Three Carnegie Mellon University researchers in the School of Computer Science recently earned Faculty Early Career Development Program (CAREER) awards from the National Science Foundation. The awards are the foundation's most prestigious for young faculty researchers.
An assistant professor in the Computer Science and Electrical and Computer Engineering departments, Weina Wang received $500,000 to develop algorithms that guarantee ultra-low latency in edge computing, which supports emerging applications such as autonomous driving, augmented reality and automated mobile robots. This work will establish algorithms to optimize the time it takes for data to travel from one point to another and for the corresponding computation to be done without lag, even with a high volume of users in those systems.
In addition to this research, Wang will also use the grant to continue expanding STEM outreach activities for K-12 students — mentoring students from underrepresented groups, promoting the visibility of researchers from underrepresented groups and initiating online outreach seminars for the general public.
Virginia Smith, an assistant professor in the Machine Learning Department, received nearly $600,000 to establish and study the use of federated multitask learning. A method for training machine learning models, federated learning operates on user data and networks of devices such as mobile phones, wearables and smart homes. Because of this, the training methods developed must be trustworthy and address concerns such as user privacy, fairness and robustness.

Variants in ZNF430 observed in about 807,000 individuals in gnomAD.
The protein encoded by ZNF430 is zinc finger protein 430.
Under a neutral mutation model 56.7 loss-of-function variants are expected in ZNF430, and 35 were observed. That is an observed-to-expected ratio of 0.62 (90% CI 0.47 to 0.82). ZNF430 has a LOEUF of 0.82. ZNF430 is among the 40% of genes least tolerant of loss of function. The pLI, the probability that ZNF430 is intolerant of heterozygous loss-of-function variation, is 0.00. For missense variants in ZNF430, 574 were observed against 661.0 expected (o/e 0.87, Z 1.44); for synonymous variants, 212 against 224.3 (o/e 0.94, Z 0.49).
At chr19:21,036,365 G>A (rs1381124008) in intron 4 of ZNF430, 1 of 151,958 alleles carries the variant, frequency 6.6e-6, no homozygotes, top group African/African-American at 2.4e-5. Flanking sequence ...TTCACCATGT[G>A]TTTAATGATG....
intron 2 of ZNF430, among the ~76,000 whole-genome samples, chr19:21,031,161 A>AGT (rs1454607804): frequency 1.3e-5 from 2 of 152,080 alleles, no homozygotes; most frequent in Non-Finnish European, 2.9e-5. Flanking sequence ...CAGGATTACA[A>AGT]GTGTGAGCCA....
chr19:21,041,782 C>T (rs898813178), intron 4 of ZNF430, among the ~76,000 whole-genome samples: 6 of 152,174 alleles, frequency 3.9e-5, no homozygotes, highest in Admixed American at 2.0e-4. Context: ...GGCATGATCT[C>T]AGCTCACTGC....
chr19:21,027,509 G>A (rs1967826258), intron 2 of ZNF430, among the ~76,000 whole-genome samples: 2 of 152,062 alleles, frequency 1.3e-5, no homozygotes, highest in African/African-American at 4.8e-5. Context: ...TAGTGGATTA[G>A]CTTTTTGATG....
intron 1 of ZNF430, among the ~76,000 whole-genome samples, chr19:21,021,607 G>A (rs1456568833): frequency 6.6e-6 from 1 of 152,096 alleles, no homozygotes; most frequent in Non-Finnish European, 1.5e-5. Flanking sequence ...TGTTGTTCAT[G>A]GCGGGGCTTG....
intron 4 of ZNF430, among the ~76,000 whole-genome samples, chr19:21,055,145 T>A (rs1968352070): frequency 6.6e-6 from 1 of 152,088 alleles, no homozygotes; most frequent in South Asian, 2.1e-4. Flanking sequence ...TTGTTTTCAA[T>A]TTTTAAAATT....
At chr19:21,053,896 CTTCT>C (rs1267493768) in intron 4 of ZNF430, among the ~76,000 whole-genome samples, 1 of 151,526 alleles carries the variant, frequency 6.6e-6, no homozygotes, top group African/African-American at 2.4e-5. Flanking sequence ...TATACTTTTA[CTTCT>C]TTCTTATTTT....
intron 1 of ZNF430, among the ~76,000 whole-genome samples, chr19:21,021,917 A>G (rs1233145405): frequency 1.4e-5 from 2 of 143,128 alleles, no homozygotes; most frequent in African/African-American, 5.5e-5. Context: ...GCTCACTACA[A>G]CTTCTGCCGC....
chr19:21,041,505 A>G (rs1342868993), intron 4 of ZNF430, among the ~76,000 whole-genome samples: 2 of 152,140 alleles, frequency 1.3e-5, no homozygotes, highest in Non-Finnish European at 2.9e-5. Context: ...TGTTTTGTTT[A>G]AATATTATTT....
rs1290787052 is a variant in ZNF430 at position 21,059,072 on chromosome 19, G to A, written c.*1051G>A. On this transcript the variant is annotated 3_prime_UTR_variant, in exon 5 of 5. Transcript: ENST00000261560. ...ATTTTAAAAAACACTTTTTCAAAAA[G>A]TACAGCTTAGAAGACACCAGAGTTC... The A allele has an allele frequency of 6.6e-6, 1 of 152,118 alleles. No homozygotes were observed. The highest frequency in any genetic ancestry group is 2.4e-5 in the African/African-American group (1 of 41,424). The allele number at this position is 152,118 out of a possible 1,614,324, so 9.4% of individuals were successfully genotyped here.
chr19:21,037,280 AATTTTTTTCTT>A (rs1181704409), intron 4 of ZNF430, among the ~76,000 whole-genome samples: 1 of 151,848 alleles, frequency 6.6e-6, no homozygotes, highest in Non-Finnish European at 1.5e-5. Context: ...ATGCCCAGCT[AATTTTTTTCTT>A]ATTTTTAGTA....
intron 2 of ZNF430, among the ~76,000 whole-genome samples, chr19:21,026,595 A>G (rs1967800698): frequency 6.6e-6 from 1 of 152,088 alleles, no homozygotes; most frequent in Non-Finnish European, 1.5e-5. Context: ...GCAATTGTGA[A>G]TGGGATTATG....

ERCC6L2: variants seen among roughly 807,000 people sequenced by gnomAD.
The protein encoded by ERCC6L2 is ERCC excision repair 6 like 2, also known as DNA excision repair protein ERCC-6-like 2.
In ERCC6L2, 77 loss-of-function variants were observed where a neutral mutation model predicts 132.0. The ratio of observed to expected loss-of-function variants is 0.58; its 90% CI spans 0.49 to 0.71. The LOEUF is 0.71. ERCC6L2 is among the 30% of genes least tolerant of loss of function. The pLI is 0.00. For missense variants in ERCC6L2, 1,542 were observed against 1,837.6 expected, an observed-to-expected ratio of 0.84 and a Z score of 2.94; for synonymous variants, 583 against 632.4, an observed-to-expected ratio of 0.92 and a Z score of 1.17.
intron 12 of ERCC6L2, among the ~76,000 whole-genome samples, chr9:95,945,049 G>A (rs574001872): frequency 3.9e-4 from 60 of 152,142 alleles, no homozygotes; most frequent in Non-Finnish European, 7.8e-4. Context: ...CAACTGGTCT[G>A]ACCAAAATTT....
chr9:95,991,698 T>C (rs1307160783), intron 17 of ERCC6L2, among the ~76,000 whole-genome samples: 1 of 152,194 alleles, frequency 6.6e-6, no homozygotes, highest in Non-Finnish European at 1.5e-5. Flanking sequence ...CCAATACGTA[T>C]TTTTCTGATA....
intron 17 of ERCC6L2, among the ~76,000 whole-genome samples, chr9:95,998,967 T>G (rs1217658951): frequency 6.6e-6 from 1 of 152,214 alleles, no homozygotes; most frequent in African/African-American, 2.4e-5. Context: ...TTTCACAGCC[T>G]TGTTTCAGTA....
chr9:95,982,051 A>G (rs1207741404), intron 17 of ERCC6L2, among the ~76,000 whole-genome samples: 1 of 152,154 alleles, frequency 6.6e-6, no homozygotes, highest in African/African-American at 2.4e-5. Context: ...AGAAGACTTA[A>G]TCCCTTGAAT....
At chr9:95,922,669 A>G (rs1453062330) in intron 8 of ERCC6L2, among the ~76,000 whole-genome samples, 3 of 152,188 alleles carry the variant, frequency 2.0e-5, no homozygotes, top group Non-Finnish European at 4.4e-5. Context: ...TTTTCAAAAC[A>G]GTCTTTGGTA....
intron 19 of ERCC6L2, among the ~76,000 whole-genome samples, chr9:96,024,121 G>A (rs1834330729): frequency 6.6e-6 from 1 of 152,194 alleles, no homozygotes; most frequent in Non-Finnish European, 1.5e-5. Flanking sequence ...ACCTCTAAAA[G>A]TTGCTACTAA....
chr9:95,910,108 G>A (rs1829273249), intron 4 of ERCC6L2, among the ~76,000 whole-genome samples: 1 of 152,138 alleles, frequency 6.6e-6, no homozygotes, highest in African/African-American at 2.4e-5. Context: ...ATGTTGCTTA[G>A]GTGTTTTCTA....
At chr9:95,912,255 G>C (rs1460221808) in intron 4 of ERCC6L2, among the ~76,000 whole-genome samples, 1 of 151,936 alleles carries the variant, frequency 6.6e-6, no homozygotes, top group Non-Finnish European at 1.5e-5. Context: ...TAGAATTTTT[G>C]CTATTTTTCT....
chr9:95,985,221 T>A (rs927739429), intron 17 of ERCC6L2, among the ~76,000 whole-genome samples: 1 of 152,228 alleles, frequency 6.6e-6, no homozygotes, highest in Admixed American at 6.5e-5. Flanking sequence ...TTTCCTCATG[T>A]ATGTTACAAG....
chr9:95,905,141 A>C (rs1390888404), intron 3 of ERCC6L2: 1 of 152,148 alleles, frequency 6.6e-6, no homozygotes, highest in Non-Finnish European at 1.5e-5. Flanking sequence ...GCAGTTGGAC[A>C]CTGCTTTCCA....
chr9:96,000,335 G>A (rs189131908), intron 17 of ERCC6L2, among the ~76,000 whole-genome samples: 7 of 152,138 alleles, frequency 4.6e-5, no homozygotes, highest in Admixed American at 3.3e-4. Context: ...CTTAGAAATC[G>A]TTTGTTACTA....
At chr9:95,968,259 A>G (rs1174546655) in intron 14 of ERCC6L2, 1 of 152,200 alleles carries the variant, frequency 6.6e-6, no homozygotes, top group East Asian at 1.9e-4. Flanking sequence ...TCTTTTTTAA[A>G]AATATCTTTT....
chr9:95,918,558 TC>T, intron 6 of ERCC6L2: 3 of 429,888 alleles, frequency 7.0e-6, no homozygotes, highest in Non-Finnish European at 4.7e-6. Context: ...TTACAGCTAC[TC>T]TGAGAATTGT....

Smith's research will explore multitask learning — a technique that uses separate but related models to train each device in the network — as a way to both address the constraints of practical federated systems and demonstrate that they can be trained in a trustworthy manner. Her work has the potential to create a paradigm shift in the way these learning systems are designed, implemented and analyzed.
Eni Halilaj, an assistant professor of mechanical engineering with a courtesy appointment in the Robotics Institute, received more than $560,000 to study musculoskeletal modeling with wearable sensors and smartphone cameras. Halilaj's research seeks to make gait analysis — the assessment of how the body moves, usually by running or walking — more accessible for rehabilitation research and therapy monitoring. Her work will merge the complementary strengths of artificial intelligence and physics-based modeling into new motion-tracking systems that are low-cost, dynamically robust and equitably accurate across human demographics and abilities. The research will also create youth outreach programs to educate and inspire the next generation of biomechanical researchers and engineers.
For more information about the NSF CAREER awards, visit the foundation's funding website.